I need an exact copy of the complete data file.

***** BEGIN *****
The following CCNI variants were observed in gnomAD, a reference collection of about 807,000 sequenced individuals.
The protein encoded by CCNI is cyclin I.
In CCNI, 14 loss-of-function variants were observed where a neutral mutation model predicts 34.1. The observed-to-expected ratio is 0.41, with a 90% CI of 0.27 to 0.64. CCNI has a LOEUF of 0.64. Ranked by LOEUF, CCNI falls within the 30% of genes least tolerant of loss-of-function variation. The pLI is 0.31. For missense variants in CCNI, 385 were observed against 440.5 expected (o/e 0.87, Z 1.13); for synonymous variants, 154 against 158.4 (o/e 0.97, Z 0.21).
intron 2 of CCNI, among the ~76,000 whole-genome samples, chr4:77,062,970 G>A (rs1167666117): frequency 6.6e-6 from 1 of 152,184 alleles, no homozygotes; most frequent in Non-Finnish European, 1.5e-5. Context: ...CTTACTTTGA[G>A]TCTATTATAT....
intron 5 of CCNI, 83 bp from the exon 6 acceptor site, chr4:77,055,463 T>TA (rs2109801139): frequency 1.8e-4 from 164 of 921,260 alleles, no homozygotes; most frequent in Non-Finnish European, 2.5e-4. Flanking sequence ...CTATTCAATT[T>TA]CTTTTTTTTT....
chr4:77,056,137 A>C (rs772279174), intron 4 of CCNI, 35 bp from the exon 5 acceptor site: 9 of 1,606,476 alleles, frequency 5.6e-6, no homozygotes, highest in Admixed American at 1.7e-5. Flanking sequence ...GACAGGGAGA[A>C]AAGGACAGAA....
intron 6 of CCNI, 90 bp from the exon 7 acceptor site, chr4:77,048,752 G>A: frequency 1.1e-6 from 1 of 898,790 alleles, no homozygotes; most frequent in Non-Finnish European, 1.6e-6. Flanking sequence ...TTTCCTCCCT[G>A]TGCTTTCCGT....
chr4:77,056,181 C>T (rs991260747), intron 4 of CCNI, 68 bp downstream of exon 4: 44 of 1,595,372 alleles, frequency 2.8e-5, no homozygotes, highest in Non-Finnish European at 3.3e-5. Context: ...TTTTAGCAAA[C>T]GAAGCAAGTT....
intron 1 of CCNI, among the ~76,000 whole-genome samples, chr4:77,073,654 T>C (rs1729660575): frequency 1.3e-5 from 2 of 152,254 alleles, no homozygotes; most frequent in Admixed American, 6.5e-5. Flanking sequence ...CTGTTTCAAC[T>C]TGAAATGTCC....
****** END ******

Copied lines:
The following CCNI variants were observed in gnomAD, a reference collection of about 807,000 sequenced individuals.
The protein encoded by CCNI is cyclin I.
In CCNI, 14 loss-of-function variants were observed where a neutral mutation model predicts 34.1. The observed-to-expected ratio is 0.41, with a 90% CI of 0.27 to 0.64. CCNI has a LOEUF of 0.64. Ranked by LOEUF, CCNI falls within the 30% of genes least tolerant of loss-of-function variation. The pLI is 0.31. For missense variants in CCNI, 385 were observed against 440.5 expected (o/e 0.87, Z 1.13); for synonymous variants, 154 against 158.4 (o/e 0.97, Z 0.21).
intron 2 of CCNI, among the ~76,000 whole-genome samples, chr4:77,062,970 G>A (rs1167666117): frequency 6.6e-6 from 1 of 152,184 alleles, no homozygotes; most frequent in Non-Finnish European, 1.5e-5. Context: ...CTTACTTTGA[G>A]TCTATTATAT....
intron 5 of CCNI, 83 bp from the exon 6 acceptor site, chr4:77,055,463 T>TA (rs2109801139): frequency 1.8e-4 from 164 of 921,260 alleles, no homozygotes; most frequent in Non-Finnish European, 2.5e-4. Flanking sequence ...CTATTCAATT[T>TA]CTTTTTTTTT....
chr4:77,056,137 A>C (rs772279174), intron 4 of CCNI, 35 bp from the exon 5 acceptor site: 9 of 1,606,476 alleles, frequency 5.6e-6, no homozygotes, highest in Admixed American at 1.7e-5. Flanking sequence ...GACAGGGAGA[A>C]AAGGACAGAA....
intron 6 of CCNI, 90 bp from the exon 7 acceptor site, chr4:77,048,752 G>A: frequency 1.1e-6 from 1 of 898,790 alleles, no homozygotes; most frequent in Non-Finnish European, 1.6e-6. Flanking sequence ...TTTCCTCCCT[G>A]TGCTTTCCGT....
chr4:77,056,181 C>T (rs991260747), intron 4 of CCNI, 68 bp downstream of exon 4: 44 of 1,595,372 alleles, frequency 2.8e-5, no homozygotes, highest in Non-Finnish European at 3.3e-5. Context: ...TTTTAGCAAA[C>T]GAAGCAAGTT....
intron 1 of CCNI, among the ~76,000 whole-genome samples, chr4:77,073,654 T>C (rs1729660575): frequency 1.3e-5 from 2 of 152,254 alleles, no homozygotes; most frequent in Admixed American, 6.5e-5. Flanking sequence ...CTGTTTCAAC[T>C]TGAAATGTCC....